Police procedural: she is the Detective Inspector, abandoned by her husband and children because of her long hours, and the dinner is a litre of cheap wine and a microwave meal for one.

    Golden Age: she is the parlourmaid, destined to be the second victim.

  4. Margot: Your post and the comments which follow are brilliant. Formulas abound. I would add:

    A sleuth returns to his hometown after a long absence and finds his former girlfriend is married and has had a child.

    Universal crime fiction: The child will turn out to be the sleuth’s child.

    • Thanks for the kind words, Bill. I’m really glad you enjoyed it. And your contribution is fantastic; you are so right about that ‘it’s really your child’ plot point. I love it!

  5. Absolutely brilliant Margot, as are the comments. Another universal like Bill’s:
    Someone on the phone says ‘I’ve thought of something about the crime. I didn’t notice it at the time, but it’s since occurred to me that – but no, I can’t tell you over the phone. Come over here and I’ll tell you about it, it’s really important and top secret.’
    I don’t even need to say what happens next – ALL your readers will know…

    • Moira – Thanks for the kind words. And your contribution is fantastic! That is most definitely one of those universals, and you’ve described it beautifully. Never, never call and say that you have important information about a murder case. It is just too dangerous to be worth it…

  6. What an amusing and creative post, Margot. You amaze me with your ideas! 🙂

  7. tracybham

    Very clever, Margot. My favorite was VI. C. (the cosy mystery).

  8. kathy d.

    That was a brilliant post and the appropos comments were excellent, too.
    A body of a famous person is found on the street next to a building.
    Michael Connelly: Harry Bosch will investigate every political connection the person ever had in his life, going back years and will talk to everyone in his life to figure out if it was murder, an accident or suicide, setting up a perfect scenario only to provide a gigantic twist at the end.
    J.K. Rowling/Richard Galbraith will describe every statue, tree and bush in London to get to the bottom of what happened to the person whose body is lying on the sidewalk.
    Salvo Montalbano will become infatuated with a key witness or suspect while investigating the death, will lie to Livia and will become enraged because his housekeeper hasn’t left his favorite pasta and pesce dish in the oven, while Stephen Sarterelli explains his curses and the origin of that dish in the end notes.
    Commissaire Adamsberg of Paris will find a 15th-century poem relating to the death, a link to the bubonic plague, an injured pigeon, an eccentric family with a member who speaks backwards,and a “wolfman” and a “vampire” dynasty related to the murder.

    • Kathy – Thank you! I’m so glad you enjoyed this post. And I’ve absolutely loved the contributions that commenters have made. Yours is fabulous too. I can well imagine how each of those scenarios would come about too: I really can! Yours are witty and observant.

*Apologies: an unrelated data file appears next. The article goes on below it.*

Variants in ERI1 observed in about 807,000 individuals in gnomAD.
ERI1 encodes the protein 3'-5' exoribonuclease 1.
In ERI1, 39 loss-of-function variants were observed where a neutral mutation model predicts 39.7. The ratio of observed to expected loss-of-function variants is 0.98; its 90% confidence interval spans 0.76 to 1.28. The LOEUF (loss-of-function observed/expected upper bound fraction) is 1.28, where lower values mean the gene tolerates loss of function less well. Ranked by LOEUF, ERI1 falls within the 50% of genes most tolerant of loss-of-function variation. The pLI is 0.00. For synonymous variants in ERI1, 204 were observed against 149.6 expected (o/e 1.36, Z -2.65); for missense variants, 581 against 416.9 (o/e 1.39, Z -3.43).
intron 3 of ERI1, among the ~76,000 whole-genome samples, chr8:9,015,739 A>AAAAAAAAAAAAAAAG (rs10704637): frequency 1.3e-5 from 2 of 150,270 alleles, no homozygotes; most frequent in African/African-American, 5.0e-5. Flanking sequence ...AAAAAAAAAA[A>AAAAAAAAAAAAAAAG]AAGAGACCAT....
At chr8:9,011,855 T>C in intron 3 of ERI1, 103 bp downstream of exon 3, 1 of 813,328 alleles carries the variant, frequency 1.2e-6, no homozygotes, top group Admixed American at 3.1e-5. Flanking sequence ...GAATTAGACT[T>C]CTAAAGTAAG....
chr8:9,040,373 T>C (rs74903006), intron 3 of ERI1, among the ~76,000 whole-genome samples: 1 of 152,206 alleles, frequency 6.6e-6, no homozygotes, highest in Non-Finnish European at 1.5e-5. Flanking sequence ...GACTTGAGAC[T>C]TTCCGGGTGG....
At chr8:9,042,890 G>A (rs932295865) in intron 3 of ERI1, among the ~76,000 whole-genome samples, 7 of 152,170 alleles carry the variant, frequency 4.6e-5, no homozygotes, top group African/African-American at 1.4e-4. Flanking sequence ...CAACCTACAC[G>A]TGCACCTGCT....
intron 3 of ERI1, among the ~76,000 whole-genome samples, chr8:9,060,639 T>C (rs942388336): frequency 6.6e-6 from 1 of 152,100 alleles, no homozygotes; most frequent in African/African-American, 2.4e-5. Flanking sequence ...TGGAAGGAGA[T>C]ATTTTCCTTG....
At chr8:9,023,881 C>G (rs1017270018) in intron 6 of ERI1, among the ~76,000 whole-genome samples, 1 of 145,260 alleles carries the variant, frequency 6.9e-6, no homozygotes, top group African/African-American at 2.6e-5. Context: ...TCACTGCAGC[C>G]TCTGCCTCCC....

9. kathy d.

    Thanks Margo. Your post was an inspiration. Now I’ll spend all day thinking about other possible scenarios. Guido Brunetti would read about Roman military strategy to find a key to what happened to the corpse, while Elettra Zorzi hacks into Rome’s version of the NSA and CIA to get information. Lacey Flint would swim across the English Channel to find the culprit abroad. Mma Ramotswe would have bush tea and sit on her porch thinking, then would visit everyone involved and find out how their families were doing.
    V.I. Warshawski would jump in her car and drive along Lake Shore Drive to the Chicago suburb where the murder took place, get into a fight with a local suspect, run away, end up diving into the Chicago city dump looking for clues, and then end up being locked into the suspect’s basement, just for starters.

    • Kathy – Those are all really inventive and clever variations on this theme! And what I like about them is that they keep very much to the spirit of the characters. Thanks for sharing these 🙂

  10. Brilliant post, Margot.
    A man walks into a bookstore.
    Frederyk Forsyth novel: he goes into the store because it’s the drop where his contact leaves the microdot, on page 536 of Gibbon’s Decline and Fall of the Roman Empire, shelved in the musty history section.
    Chandler novel: Upon entering the store, Marlowe is eyed warily by the girl at the front desk, who quickly starts coming onto him. He affects a prissy attitude and poses as an eccentric book collector as he’s hot on the trail of a big-time rare book forger.
    Hemingway novel: the hero enters the store, looks around and tries to find Sylvia Beach. He hopes she has one more glassful left from her bottle of Jack Daniels from the party the night before in which he was the guest of honor.
    Lillian Jackson Braun novel: Qwilleran walks into the store and anticipates a good gossip with the owner and other folks who visit the store. His visit may or may not have anything to do with the case he’s working on.

    • Bryan – Thanks for the kind words. So glad you enjoyed this! And thanks so much for your absolutely wonderful contributions! Just spot-on!! I love it! And it’s so interesting how big a difference the sort of story can make isn’t it? Oh, these are great!

  11. A wonderful, fun post, Margot.

  12. I’m so delighted I decided to catch up on back blog posts. This is wonderful. And your readers are nearly as clever as you with these scenarios. He wakes up in the barn and the house has disappeared? I love it.

    • Mary – I couldn’t agree more about the contributions to this post in the comments! I always learn so much from comments anyway, and those ideas are priceless! Glad you enjoyed them.

  13. Pingback: You’re Changing All the Time* | Confessions of a Mystery Novelist...